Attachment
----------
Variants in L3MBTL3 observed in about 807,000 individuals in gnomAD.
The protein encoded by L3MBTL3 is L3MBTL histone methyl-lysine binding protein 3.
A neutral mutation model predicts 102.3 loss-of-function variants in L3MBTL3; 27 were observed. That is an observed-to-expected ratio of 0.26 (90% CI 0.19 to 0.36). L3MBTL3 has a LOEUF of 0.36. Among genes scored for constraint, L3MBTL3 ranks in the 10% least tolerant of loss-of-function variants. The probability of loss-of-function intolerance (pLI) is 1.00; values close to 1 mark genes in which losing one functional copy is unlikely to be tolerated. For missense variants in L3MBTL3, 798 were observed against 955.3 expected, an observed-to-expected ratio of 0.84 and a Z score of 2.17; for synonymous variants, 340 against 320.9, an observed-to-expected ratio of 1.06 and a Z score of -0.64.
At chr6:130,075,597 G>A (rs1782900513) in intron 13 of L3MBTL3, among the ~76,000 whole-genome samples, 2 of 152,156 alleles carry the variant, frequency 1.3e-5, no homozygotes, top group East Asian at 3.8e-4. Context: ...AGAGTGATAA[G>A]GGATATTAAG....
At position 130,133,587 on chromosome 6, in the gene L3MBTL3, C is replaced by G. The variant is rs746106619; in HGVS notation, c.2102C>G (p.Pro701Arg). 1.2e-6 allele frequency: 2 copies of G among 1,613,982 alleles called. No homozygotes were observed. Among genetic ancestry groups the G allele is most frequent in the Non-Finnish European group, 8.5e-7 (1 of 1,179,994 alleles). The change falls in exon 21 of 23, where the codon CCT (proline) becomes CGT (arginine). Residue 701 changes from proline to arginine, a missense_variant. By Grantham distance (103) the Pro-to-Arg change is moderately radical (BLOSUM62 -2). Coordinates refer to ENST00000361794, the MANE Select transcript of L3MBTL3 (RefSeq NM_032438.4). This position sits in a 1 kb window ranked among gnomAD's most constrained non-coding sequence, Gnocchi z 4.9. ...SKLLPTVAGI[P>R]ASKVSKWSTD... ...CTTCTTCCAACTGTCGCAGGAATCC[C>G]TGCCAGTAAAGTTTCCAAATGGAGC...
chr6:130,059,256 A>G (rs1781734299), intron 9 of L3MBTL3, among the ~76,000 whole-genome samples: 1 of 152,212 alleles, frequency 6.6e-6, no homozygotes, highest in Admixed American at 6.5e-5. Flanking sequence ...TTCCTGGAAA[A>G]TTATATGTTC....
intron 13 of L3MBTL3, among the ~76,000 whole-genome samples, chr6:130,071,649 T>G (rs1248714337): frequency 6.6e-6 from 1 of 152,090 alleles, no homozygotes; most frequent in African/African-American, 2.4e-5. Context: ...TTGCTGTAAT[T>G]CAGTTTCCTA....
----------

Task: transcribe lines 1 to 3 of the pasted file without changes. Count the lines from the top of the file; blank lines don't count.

Variants in L3MBTL3 observed in about 807,000 individuals in gnomAD.
The protein encoded by L3MBTL3 is L3MBTL histone methyl-lysine binding protein 3.
A neutral mutation model predicts 102.3 loss-of-function variants in L3MBTL3; 27 were observed. That is an observed-to-expected ratio of 0.26 (90% CI 0.19 to 0.36). L3MBTL3 has a LOEUF of 0.36. Among genes scored for constraint, L3MBTL3 ranks in the 10% least tolerant of loss-of-function variants. The probability of loss-of-function intolerance (pLI) is 1.00; values close to 1 mark genes in which losing one functional copy is unlikely to be tolerated. For missense variants in L3MBTL3, 798 were observed against 955.3 expected, an observed-to-expected ratio of 0.84 and a Z score of 2.17; for synonymous variants, 340 against 320.9, an observed-to-expected ratio of 1.06 and a Z score of -0.64.